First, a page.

Imagine if LeBron James had went to college instead of the NBA. Probably Ohio State, maybe Duke…it’s safe to say he would have went to a big-time program. Now imagine that midway through his one and only college season, LeBron suffers a gruesome knee injury. The injury is caused by a Nike shoe blowing out. LeBron is wearing a Nike shoe because that’s who Ohio State has a multi-million dollar equipment deal with. In this alternate universe LeBron recovers from his injury and still goes first in the NBA draft, but it’s now 2004 instead of 2003, because of his year at Ohio State, and he goes to the Orlando Magic instead of the Cleveland Cavaliers. He his still an amazing player, but not ‘LeBron James’, not the one that we know anyway. James plays 54 games in his rookie season for the Magic and misses time due to knee soreness. He spends the next several years battling various injuries, while always struggling with his knee, the one he injured in college. The Magic reach the Eastern Conference semi-finals in LeBron’s third year, but never advance past that. After his seventh season in the NBA, Orlando decides to blow things up and rebuild. James gets traded to the Knicks and after three losing years in New York, he ring chases for two seasons with two different teams and retires after an All-Star caliber 12-year career. No titles, no MVPs, no greatness.
Ok, now we’re back in present-day 2019. The above scenario seems eerily possible for this generation’s LeBron James. Duke’s superstar freshman Zion Williamson suffered a knee injury last night against hated rival North Carolina due to his shoe blowing out. We don’t yet know the severity of the injury or if there will be any lingering effects, but the thing is there could be…and for what? So Duke and Nike can get richer? So the NCAA can become more powerful? So Mike Krzyzewski can pad his resume with another championship?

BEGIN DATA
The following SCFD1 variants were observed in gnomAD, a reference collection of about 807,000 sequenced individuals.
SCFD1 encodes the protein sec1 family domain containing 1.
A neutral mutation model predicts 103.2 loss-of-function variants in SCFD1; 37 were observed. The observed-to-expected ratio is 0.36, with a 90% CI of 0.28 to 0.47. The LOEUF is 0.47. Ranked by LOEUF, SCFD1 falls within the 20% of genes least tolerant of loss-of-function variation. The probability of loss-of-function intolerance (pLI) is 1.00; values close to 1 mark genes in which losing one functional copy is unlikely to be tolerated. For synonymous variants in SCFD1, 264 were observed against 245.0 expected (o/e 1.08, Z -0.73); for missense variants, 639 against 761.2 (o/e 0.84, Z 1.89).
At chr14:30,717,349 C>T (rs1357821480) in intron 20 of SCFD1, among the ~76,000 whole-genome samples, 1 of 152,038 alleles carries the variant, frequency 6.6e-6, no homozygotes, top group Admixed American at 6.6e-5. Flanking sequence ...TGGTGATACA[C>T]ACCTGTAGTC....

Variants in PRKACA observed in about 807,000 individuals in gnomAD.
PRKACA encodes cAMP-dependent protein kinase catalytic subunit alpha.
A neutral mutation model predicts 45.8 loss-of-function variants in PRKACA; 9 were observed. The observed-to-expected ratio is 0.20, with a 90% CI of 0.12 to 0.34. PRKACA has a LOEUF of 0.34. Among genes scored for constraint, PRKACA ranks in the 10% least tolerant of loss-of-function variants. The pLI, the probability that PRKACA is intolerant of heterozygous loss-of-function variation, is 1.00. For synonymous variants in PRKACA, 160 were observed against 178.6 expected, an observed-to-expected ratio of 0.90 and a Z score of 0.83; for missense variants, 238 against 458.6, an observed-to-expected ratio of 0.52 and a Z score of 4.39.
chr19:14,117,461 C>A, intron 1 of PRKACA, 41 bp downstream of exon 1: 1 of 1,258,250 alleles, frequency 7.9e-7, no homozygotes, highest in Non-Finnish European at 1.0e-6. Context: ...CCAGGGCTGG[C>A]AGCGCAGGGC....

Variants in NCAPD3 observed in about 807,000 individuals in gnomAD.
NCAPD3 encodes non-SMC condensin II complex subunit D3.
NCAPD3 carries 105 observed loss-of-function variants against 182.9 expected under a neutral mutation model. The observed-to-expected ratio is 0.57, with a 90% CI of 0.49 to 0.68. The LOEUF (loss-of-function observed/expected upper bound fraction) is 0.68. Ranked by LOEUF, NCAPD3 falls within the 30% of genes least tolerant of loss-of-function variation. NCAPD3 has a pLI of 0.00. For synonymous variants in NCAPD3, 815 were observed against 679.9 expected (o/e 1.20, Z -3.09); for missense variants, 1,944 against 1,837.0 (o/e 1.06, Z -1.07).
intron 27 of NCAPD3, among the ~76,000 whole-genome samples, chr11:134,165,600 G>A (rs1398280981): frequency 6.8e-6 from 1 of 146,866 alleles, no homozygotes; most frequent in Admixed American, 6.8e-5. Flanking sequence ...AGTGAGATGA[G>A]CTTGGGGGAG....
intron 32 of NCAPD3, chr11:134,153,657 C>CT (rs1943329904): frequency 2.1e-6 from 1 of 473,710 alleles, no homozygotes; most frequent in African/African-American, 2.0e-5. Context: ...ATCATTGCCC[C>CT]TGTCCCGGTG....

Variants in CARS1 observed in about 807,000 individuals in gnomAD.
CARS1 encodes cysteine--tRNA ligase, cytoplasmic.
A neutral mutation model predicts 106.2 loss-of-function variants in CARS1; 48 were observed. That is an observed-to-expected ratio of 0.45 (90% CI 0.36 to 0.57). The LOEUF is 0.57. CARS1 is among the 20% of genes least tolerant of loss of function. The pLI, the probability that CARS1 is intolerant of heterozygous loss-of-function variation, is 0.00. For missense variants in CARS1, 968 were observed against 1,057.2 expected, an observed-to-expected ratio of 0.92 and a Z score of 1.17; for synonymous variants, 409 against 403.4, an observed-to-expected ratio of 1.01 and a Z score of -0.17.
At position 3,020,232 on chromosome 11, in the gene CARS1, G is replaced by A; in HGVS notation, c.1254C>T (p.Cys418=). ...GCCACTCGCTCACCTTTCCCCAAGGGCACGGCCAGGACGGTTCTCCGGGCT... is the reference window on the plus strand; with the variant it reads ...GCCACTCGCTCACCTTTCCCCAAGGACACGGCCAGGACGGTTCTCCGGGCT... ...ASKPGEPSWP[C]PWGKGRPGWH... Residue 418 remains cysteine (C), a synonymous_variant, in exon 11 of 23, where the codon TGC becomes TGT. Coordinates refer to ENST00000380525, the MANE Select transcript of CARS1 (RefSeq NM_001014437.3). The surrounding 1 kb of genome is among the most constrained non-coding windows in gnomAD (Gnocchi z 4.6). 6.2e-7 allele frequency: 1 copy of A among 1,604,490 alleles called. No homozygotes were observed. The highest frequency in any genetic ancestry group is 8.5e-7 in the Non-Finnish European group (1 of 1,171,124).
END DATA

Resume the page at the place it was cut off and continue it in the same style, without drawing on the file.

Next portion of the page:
Listen, I’m a huge supporter of college athletics. I’ve been a UT Vol fan since I could walk, but let’s call the NCAA’s ‘One and Done’ basketball rule what it is: a farce. It’s a totally absurd exercise that is designed to: keep the institution of the NCAA popular and powerful, allow powerhouse programs and high-profile coaches to keep winning, and enable companies like Nike to continue to sell products. As I said, I’m not anti-college athletics, but can any reasonable person make a legitimate argument about why Zion Williamson is required to be in college right now? I know, I know…there’s the NBA’s G-League, there’s Europe, China, etc. I said legitimate argument.
Here’s a crazy notion…let kids that are able to get rich playing in the NBA actually play in the NBA. Let kids that need a few years of college to grow and improve play in college for a couple of years before jumping to the pros. And let kids that are just happy to have a scholarship play their four years and graduate with a college degree. It’s really not that complicated. Should school’s pay athletes? I honestly don’t know that there is a simple answer to that question…but I do know that the Chicago Bulls, or the Dallas Mavericks, or the Atlanta Hawks and every other NBA team would be more than happy to currently be paying Zion Williamson, and Cam Reddish, and R.J. Barrett. Is it fair to force these kids to gamble their future careers and fortunes just so March Madness is a little more fun to watch? In the age of social media, growing unrest among players, and ‘woke’ student-athletes, Zion’s shoe malfunction and resulting injury might be the shoe that breaks the ‘One and Done’ rule’s back.